Azure Cosmos DB (SQL API)

Detailed information on the Azure Cosmos DB (SQL API) state store component

Component format

To setup Azure Cosmos DB state store create a component of type See this guide on how to create and apply a state store configuration.

kind: Component
  name: <NAME>
  version: v1
  - name: url
    value: <REPLACE-WITH-URL>
  - name: masterKey
  - name: database
  - name: collection
  # Uncomment this if you wish to use Azure Cosmos DB as a state store for actors (optional)
  #- name: actorStateStore
  #  value: "true"

If you wish to use Cosmos DB as an actor store, append the following to the yaml.

  - name: actorStateStore
    value: "true"

Spec metadata fields

Field Required Details Example
url Y The Cosmos DB url "https://******".
masterKey Y* The key to authenticate to the Cosmos DB account. Only required when not using Microsoft Entra ID authentication. "key"
database Y The name of the database "db"
collection Y The name of the collection (container) "collection"
actorStateStore N Consider this state store for actors. Defaults to "false" "true", "false"

Microsoft Entra ID authentication

The Azure Cosmos DB state store component supports authentication using all Microsoft Entra ID mechanisms. For further information and the relevant component metadata fields to provide depending on the choice of Microsoft Entra ID authentication mechanism, see the docs for authenticating to Azure.

You can read additional information for setting up Cosmos DB with Azure AD authentication in the section below.

Setup Azure Cosmos DB

Follow the instructions from the Azure documentation on how to create an Azure Cosmos DB account. The database and collection must be created in Cosmos DB before Dapr can use it.

Important: The partition key for the collection must be named /partitionKey (note: this is case-sensitive).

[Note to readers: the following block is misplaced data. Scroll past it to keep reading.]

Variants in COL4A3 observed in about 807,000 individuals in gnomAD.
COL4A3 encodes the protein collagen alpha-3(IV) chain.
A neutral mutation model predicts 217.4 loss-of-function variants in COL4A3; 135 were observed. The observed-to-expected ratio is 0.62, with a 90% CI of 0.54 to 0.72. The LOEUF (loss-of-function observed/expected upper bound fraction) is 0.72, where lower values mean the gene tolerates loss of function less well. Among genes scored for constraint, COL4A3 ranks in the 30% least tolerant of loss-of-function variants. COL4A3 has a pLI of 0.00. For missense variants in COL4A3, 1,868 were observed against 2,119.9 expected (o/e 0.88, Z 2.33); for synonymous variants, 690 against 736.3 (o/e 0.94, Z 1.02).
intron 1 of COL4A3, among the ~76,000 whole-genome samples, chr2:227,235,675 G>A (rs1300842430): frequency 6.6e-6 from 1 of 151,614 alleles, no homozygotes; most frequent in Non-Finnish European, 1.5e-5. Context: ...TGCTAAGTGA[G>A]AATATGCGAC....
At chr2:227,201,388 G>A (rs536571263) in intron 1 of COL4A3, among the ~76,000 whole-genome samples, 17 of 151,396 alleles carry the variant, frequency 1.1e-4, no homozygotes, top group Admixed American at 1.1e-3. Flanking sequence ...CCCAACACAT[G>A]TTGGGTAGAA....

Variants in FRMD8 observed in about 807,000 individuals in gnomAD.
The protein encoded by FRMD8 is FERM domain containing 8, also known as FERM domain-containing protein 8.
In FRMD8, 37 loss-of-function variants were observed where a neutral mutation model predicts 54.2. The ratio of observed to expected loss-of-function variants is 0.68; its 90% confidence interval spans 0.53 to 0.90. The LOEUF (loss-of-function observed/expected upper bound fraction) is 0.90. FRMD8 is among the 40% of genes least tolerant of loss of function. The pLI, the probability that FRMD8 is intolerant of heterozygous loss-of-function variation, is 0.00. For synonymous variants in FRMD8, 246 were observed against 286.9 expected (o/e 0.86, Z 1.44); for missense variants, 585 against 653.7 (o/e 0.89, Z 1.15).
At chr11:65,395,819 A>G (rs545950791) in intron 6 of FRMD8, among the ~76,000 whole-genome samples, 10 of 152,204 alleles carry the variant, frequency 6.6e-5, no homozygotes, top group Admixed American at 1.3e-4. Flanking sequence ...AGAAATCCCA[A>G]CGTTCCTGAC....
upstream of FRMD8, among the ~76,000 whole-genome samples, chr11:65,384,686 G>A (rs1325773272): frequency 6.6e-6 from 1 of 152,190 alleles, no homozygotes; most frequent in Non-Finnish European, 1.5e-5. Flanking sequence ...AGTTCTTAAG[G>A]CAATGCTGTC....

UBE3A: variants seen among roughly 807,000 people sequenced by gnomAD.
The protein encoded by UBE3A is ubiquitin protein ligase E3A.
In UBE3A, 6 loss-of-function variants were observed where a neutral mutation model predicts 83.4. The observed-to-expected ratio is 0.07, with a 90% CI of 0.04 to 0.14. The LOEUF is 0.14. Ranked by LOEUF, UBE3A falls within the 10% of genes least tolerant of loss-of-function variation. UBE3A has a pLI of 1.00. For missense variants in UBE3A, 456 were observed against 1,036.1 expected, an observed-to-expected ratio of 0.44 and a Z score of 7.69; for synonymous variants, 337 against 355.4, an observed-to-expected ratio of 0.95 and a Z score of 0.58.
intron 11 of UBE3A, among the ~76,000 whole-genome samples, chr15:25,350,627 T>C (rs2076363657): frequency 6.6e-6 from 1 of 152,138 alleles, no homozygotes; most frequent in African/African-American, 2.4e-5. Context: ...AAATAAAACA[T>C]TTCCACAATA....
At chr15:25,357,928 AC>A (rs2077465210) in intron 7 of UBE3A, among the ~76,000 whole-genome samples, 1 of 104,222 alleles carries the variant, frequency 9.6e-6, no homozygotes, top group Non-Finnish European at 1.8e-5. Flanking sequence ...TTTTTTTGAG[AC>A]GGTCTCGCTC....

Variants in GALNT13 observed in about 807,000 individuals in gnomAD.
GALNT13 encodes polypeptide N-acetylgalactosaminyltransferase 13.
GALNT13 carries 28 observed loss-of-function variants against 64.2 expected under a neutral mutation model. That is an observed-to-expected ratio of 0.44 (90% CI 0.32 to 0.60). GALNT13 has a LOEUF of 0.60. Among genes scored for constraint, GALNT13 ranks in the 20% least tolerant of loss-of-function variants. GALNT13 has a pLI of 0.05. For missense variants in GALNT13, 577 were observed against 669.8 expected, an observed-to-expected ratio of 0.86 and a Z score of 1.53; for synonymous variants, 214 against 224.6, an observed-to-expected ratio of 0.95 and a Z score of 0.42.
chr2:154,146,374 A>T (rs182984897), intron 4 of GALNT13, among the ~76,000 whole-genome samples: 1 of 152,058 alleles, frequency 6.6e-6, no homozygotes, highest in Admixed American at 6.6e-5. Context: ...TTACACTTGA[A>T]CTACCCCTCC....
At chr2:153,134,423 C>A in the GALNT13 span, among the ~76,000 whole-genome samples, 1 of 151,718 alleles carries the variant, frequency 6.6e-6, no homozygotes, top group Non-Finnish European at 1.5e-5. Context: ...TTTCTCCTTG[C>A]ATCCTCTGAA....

In order to setup Cosmos DB as a state store, you need the following properties:

  • URL: the Cosmos DB url. for example: https://******
  • Master Key: The key to authenticate to the Cosmos DB account. Skip this if using Microsoft Entra ID authentication.
  • Database: The name of the database
  • Collection: The name of the collection (or container)

TTLs and cleanups

This state store supports Time-To-Live (TTL) for records stored with Dapr. When storing data using Dapr, you can set the ttlInSeconds metadata property to override the default TTL on the CosmodDB container, indicating when the data should be considered “expired”. Note that this value only takes effect if the container’s DefaultTimeToLive field has a non-NULL value. See the CosmosDB documentation for more information.

Best Practices for Production Use

Azure Cosmos DB shares a strict metadata request rate limit across all databases in a single Azure Cosmos DB account. New connections to Azure Cosmos DB assume a large percentage of the allowable request rate limit. (See the Cosmos DB documentation)

Therefore several strategies must be applied to avoid simultaneous new connections to Azure Cosmos DB:

  • Ensure sidecars of applications only load the Azure Cosmos DB component when they require it to avoid unnecessary database connections. This can be done by scoping your components to specific applications.
  • Choose deployment strategies that sequentially deploy or start your applications to minimize bursts in new connections to your Azure Cosmos DB accounts.